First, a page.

Issued by Cadmus Editions/Dom America, this CD is a corrective re-release. The liner notes explain that the recording was previously published on CD in 1998, without Bowles's knowledge, by the Italian music label, Alga Marghen. Bowles had composed the piece in 1958, and circulated it among artistic friends, including Brion Gysin, an artist and writer. After Gysin's death, his artistic collaborator, Ramuntcho Matta, found the tapes and sent them to Emanuele Carcano, director of Alga Maghren, who released the recordings, mistakenly attributing them to Gysin.
Gysin and the American author William Burroughs are known for rediscovering, developing, and popularising surrealist cut-up techniques during the late 1950s and early 1960s in both literary form as well as sound poetry. The liner notes document correspondence between Bowles, Gysin and Burroughs from this time (1958-1962). Both Burroughs and Gysin responded to Bowles's tapes with enthusiasm. The Pool K III appears at the centre of a conversation between the three artists about the potential of recording technology, and this release adds another voice to this history of electronic sound: Bowles's.
While The Pool K III may be unique within his body of work, recording technology is not. Bowles was fascinated by it. He travelled around Morocco documenting stories and traditional musics, and he even left a tape recorder running in his home to capture conversations. His later theatre music also shows the influence of recording technology. Bowles had a keen interest in the nascent possibilities of recorded sound—especially the relatively new technology of recording tape—and The Pool K III resembles musique concrète, writing that the piece is 'not playing just with music, but with musical sound'.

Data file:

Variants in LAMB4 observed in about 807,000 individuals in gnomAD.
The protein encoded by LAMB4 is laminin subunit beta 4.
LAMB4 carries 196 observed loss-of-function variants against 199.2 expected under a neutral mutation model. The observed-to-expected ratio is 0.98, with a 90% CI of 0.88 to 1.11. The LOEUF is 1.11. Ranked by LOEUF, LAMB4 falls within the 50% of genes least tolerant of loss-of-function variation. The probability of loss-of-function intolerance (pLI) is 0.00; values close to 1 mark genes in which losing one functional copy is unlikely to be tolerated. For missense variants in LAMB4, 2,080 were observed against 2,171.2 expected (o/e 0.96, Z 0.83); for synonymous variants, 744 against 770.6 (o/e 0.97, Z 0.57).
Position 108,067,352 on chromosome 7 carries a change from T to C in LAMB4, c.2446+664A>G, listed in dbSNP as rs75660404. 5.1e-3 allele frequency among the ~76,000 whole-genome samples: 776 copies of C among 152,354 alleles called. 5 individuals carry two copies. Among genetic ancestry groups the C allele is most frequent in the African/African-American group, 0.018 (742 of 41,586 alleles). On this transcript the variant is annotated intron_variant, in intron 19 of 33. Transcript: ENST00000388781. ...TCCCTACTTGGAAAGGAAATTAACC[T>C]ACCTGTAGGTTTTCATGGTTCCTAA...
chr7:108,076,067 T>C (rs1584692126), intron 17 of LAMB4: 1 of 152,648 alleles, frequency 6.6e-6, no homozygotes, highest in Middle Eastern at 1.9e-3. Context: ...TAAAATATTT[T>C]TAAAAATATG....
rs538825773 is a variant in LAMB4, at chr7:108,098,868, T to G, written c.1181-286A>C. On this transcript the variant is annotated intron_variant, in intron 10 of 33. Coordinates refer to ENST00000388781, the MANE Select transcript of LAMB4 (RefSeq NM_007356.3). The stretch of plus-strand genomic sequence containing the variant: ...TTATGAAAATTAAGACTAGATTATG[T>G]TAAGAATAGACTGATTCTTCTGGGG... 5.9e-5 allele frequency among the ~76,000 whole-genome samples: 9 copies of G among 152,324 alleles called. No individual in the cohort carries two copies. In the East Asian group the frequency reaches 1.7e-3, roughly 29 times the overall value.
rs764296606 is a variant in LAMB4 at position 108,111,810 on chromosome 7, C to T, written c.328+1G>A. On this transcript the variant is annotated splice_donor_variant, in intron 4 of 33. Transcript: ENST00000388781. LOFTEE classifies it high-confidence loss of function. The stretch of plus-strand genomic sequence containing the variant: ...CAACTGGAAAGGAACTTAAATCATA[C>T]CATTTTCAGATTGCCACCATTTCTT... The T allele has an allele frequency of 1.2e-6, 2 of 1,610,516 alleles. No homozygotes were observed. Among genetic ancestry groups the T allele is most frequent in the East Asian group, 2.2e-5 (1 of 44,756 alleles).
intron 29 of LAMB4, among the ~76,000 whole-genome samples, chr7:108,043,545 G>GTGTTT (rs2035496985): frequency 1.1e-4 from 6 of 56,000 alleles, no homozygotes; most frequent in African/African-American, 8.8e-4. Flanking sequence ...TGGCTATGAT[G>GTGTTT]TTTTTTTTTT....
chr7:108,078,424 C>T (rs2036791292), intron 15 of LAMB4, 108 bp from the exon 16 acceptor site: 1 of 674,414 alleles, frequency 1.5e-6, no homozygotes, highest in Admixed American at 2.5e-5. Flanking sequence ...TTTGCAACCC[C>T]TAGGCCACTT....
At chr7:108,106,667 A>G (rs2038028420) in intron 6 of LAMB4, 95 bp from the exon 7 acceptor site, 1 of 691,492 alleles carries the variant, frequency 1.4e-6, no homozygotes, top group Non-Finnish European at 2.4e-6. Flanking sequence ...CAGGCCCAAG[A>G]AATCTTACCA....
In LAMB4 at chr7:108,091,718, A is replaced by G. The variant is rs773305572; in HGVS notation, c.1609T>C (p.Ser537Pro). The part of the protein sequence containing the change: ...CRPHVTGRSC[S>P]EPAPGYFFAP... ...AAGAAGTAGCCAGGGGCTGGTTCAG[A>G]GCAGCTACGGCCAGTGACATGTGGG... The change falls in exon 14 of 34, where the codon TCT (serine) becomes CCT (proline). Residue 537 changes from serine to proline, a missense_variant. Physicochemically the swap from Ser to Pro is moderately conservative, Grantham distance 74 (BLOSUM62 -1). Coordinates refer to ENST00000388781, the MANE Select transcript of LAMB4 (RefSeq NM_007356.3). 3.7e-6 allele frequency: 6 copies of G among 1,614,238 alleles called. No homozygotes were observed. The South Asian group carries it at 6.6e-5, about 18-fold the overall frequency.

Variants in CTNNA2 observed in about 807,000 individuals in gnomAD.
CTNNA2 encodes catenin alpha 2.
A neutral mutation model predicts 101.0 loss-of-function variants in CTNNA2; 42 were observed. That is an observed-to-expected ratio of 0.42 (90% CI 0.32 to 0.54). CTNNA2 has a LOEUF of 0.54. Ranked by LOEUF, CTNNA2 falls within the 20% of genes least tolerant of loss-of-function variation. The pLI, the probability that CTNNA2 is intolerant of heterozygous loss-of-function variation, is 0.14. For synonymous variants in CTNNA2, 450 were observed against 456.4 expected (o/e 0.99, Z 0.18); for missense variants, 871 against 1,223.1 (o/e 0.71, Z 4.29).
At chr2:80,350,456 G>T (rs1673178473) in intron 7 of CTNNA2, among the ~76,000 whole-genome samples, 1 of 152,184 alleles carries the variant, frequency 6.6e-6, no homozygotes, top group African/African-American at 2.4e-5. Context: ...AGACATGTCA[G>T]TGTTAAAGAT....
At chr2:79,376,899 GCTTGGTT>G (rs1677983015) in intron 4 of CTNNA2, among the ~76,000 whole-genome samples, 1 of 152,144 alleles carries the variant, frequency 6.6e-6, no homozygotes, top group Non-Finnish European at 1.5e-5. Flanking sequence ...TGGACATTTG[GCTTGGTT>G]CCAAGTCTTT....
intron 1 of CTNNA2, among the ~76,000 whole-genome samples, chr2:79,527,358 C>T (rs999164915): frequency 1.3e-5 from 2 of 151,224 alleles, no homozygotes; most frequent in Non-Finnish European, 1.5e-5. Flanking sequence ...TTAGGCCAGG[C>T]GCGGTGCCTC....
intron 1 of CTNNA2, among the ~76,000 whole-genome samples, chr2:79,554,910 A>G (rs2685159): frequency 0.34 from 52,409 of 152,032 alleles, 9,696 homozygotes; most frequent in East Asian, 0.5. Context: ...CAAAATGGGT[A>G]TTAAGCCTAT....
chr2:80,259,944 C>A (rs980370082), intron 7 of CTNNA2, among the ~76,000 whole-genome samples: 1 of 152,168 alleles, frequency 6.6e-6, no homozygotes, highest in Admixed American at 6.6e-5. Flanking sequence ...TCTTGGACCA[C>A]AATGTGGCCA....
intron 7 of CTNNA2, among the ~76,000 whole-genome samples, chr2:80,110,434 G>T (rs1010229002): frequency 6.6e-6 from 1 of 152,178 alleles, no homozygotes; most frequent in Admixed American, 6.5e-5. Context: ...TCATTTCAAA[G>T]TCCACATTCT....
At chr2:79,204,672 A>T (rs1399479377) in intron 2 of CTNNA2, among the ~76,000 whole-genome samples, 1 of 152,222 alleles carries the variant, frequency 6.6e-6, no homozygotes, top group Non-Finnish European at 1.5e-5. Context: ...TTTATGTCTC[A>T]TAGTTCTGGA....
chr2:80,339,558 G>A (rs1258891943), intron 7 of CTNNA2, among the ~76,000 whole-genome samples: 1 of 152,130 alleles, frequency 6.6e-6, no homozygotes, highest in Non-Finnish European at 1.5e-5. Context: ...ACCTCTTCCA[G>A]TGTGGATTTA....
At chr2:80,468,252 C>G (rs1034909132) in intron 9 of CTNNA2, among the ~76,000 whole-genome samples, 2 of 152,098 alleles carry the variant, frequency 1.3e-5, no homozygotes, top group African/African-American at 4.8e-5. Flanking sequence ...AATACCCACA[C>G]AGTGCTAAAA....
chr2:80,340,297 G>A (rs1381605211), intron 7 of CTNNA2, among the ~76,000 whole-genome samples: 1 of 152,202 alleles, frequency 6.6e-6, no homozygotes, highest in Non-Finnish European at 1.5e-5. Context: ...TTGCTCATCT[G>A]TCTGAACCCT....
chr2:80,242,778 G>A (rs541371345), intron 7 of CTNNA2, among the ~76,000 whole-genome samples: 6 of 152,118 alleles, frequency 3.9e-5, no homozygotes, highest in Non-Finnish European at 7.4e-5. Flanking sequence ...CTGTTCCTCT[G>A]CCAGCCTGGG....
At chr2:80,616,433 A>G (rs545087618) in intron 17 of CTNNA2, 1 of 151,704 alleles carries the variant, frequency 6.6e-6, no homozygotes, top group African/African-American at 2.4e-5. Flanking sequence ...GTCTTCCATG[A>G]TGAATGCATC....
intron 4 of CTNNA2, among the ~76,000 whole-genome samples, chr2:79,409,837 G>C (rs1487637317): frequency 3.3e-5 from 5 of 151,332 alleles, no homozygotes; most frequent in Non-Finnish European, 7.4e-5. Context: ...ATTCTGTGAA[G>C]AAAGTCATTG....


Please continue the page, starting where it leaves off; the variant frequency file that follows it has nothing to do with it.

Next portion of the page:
Composed of found sounds, recorded and manipulated with tape techniques, the recordings evoke Tangier, a street band, night or a windy storm. The sounds of dripping water open, close and recur throughout the work. The editing is subtle, minutes passing without a tape splice; changes are minute; sounds return with subtle variation—slight shuffling of layers or small adjustments in manipulation technique.